Joe Biden promised to be the “unity” president, and his administration reminded us again on Wednesday exactly what they think that word means.
During a mid-week press briefing, a reporter laid out a scenario from the trucking industry that also applies to many other sectors of the workforce. That is, the American Trucking Association wants the Biden White House to delay the requirement it’s pushing among private companies that workers get the COVID-19 shot to remain employed because the association warns that some drivers would quit before they’d get the vaccine.
“Given the supply-chain concerns, is this something the administration might consider?” the reporter wanted to know.
“Well, I think it’s important for people to understand that the first step here is not firing or quitting,” Psaki replied. “The first step is counseling, and sometimes there are alternative options as well.”
In other words, Psaki doesn’t think the mandate is an issue because the answer to vaccine hesitancy is not termination. It’s “counseling.”
This wasn’t a slip of the tongue. Centers for Disease Control and Prevention Director Rochelle Walensky used the same unnerving language just a few days ago when she was pressed on what happens when essential workers resist vaccination despite mandates. “There is a plan, should these people not want to be vaccinated, towards education and counseling to get people the information they need so that they are feeling comfortable in getting vaccinated,” Walensky said on Fox News.
The president removed all doubt about his posture toward vaccine-hesitant workers last week during his town hall with CNN when Anderson Cooper noted that as many as 1 in 3 first responders in some cities are not complying with vaccine mandates. When Cooper asked the president whether first responders and police officers should be mandated to get the shot or be let go if they refuse, Biden replied “yes and yes” and proceeded to mock their right to make their own medical decisions.
His next line was the most telling: “By the way, I waited until July to talk about mandating because I tried everything else possible.”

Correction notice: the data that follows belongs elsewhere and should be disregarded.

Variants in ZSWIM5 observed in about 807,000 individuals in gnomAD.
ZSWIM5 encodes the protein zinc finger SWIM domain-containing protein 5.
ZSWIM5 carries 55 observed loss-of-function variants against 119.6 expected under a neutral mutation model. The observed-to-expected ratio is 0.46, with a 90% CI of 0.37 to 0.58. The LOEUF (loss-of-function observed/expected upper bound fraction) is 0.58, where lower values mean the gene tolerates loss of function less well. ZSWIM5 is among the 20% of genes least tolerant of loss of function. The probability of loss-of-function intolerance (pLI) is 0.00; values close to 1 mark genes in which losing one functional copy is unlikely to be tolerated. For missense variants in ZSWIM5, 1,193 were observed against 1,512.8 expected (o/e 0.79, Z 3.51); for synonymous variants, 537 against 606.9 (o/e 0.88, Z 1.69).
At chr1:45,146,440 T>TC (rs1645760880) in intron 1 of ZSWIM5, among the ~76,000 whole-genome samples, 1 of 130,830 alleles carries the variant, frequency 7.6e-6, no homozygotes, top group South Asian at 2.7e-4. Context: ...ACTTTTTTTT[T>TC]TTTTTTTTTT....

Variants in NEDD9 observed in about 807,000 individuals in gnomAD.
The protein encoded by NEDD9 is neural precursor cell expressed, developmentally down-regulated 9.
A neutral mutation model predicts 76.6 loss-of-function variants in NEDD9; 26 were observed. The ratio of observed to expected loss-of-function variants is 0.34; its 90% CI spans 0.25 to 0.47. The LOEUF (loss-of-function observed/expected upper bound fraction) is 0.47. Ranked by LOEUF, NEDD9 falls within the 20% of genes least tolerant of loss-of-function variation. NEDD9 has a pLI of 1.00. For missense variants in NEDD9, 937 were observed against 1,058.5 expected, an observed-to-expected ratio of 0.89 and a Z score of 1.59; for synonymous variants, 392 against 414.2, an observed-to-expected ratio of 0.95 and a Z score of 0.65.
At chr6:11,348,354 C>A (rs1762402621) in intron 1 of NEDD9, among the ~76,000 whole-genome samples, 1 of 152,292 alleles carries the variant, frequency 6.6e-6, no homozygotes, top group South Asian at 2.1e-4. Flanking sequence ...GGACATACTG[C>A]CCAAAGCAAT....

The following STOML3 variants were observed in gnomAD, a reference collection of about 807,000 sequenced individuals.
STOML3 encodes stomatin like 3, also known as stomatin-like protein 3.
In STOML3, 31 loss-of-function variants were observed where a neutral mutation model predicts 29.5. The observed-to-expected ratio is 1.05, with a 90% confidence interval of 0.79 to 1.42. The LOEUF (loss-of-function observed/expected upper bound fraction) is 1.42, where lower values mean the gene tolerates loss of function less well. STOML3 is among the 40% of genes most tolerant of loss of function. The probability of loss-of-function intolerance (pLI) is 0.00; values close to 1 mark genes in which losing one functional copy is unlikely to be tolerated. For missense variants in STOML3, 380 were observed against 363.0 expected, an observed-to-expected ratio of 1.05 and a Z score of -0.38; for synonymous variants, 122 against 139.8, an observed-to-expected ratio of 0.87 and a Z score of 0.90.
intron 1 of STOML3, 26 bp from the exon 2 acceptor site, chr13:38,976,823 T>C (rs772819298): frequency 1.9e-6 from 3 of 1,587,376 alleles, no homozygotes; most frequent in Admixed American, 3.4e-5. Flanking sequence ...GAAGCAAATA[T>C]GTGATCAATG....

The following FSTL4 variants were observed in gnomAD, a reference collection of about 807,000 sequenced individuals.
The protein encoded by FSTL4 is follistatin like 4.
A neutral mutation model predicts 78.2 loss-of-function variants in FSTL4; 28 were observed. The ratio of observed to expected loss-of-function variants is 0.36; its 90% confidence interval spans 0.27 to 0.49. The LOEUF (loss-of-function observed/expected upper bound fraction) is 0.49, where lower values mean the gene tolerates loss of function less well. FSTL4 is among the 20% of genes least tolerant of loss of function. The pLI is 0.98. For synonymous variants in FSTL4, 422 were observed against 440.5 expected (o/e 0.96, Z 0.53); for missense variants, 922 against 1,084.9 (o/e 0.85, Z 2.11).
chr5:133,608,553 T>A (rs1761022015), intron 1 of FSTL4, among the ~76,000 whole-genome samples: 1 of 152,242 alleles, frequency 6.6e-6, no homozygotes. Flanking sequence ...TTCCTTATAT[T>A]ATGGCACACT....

Here we find the bigger picture. Before vaccine mandates, Americans were free to look at all the research, assess the risks, and get the COVID shot if that seemed best for them. But when not enough Americans jumped in the vaccine line to propel Biden past his coronavirus goals, the president cracked down, first with mandates for federal workers and then with mandates for private-sector employees.
That still isn’t working. Health-care workers, first responders, police officers, students, pilots, and others are walking away in droves over the medical coercion, and as the American Truckers Association forecasts, this is likely just the beginning.
So when Biden says he “tried everything else possible” to encourage vaccination but it didn’t work so he coerced workers with threats of termination, he’s revealing that his political goals are more important than your freedom, more important than your bodily autonomy, and more important than your livelihood. Now the Biden administration must resort to “counseling” because compliance is more important than personal conviction.
If the word “counseling” doesn’t stand out to you, it should. The administration doesn’t mean that human resources will give you a brochure on vaccine efficacy and send you on your way to make your own informed decision. Workers have had access to that information all along. By “counseling,” they mean that somebody will confront you until you change your mind to align with their objectives. But don’t worry — you won’t lose your job, just your freedom.
According to Psaki and Walensky, there will be no reason for quitting when all those blue-collar workers are simply reeducated on the moral imperatives of vaccination. There will be no worker shortage because we’ll be unified in vaccination — because to this administration, unity doesn’t mean agreeing to disagree. It means coercing dissenters into believing as they do.